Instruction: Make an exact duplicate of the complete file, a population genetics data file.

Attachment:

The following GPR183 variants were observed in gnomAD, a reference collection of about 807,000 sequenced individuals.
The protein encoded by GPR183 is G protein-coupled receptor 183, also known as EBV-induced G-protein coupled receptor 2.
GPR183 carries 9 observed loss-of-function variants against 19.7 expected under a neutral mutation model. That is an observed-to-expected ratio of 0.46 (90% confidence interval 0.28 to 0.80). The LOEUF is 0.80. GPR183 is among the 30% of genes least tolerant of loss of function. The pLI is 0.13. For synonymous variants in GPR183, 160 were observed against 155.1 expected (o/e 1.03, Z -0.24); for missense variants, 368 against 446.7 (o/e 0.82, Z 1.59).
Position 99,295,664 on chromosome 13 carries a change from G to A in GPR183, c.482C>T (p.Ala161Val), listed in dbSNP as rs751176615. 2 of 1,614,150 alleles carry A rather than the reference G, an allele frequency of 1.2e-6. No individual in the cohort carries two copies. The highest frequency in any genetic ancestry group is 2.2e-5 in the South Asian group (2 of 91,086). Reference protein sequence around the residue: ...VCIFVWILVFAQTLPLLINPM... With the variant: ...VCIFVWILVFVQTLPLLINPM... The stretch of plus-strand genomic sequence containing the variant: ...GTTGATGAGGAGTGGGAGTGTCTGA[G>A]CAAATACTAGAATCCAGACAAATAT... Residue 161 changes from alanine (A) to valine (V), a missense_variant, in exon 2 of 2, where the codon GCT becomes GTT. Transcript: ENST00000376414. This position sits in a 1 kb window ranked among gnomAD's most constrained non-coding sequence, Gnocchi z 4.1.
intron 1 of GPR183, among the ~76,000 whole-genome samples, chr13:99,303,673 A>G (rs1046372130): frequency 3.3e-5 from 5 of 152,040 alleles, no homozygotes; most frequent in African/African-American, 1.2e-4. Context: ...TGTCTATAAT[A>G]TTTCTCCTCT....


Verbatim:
The following GPR183 variants were observed in gnomAD, a reference collection of about 807,000 sequenced individuals.
The protein encoded by GPR183 is G protein-coupled receptor 183, also known as EBV-induced G-protein coupled receptor 2.
GPR183 carries 9 observed loss-of-function variants against 19.7 expected under a neutral mutation model. That is an observed-to-expected ratio of 0.46 (90% confidence interval 0.28 to 0.80). The LOEUF is 0.80. GPR183 is among the 30% of genes least tolerant of loss of function. The pLI is 0.13. For synonymous variants in GPR183, 160 were observed against 155.1 expected (o/e 1.03, Z -0.24); for missense variants, 368 against 446.7 (o/e 0.82, Z 1.59).
Position 99,295,664 on chromosome 13 carries a change from G to A in GPR183, c.482C>T (p.Ala161Val), listed in dbSNP as rs751176615. 2 of 1,614,150 alleles carry A rather than the reference G, an allele frequency of 1.2e-6. No individual in the cohort carries two copies. The highest frequency in any genetic ancestry group is 2.2e-5 in the South Asian group (2 of 91,086). Reference protein sequence around the residue: ...VCIFVWILVFAQTLPLLINPM... With the variant: ...VCIFVWILVFVQTLPLLINPM... The stretch of plus-strand genomic sequence containing the variant: ...GTTGATGAGGAGTGGGAGTGTCTGA[G>A]CAAATACTAGAATCCAGACAAATAT... Residue 161 changes from alanine (A) to valine (V), a missense_variant, in exon 2 of 2, where the codon GCT becomes GTT. Transcript: ENST00000376414. This position sits in a 1 kb window ranked among gnomAD's most constrained non-coding sequence, Gnocchi z 4.1.
intron 1 of GPR183, among the ~76,000 whole-genome samples, chr13:99,303,673 A>G (rs1046372130): frequency 3.3e-5 from 5 of 152,040 alleles, no homozygotes; most frequent in African/African-American, 1.2e-4. Context: ...TGTCTATAAT[A>G]TTTCTCCTCT....